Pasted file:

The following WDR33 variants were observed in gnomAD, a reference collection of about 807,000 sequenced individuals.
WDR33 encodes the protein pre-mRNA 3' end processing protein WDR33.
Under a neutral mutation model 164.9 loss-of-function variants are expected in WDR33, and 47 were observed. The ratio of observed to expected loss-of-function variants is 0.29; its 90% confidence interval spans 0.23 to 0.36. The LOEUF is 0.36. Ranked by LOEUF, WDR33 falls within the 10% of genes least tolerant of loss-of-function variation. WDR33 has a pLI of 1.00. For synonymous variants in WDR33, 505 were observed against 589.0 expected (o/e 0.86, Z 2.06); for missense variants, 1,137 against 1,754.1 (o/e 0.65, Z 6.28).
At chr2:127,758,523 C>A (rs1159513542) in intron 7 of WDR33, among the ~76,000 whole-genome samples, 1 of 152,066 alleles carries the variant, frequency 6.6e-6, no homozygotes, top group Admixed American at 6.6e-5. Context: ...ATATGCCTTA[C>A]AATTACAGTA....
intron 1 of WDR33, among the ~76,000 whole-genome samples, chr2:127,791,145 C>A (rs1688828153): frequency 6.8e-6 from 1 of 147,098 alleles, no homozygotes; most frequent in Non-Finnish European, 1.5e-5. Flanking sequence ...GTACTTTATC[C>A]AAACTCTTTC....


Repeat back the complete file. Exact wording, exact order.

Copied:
The following WDR33 variants were observed in gnomAD, a reference collection of about 807,000 sequenced individuals.
WDR33 encodes the protein pre-mRNA 3' end processing protein WDR33.
Under a neutral mutation model 164.9 loss-of-function variants are expected in WDR33, and 47 were observed. The ratio of observed to expected loss-of-function variants is 0.29; its 90% confidence interval spans 0.23 to 0.36. The LOEUF is 0.36. Ranked by LOEUF, WDR33 falls within the 10% of genes least tolerant of loss-of-function variation. WDR33 has a pLI of 1.00. For synonymous variants in WDR33, 505 were observed against 589.0 expected (o/e 0.86, Z 2.06); for missense variants, 1,137 against 1,754.1 (o/e 0.65, Z 6.28).
At chr2:127,758,523 C>A (rs1159513542) in intron 7 of WDR33, among the ~76,000 whole-genome samples, 1 of 152,066 alleles carries the variant, frequency 6.6e-6, no homozygotes, top group Admixed American at 6.6e-5. Context: ...ATATGCCTTA[C>A]AATTACAGTA....
intron 1 of WDR33, among the ~76,000 whole-genome samples, chr2:127,791,145 C>A (rs1688828153): frequency 6.8e-6 from 1 of 147,098 alleles, no homozygotes; most frequent in Non-Finnish European, 1.5e-5. Flanking sequence ...GTACTTTATC[C>A]AAACTCTTTC....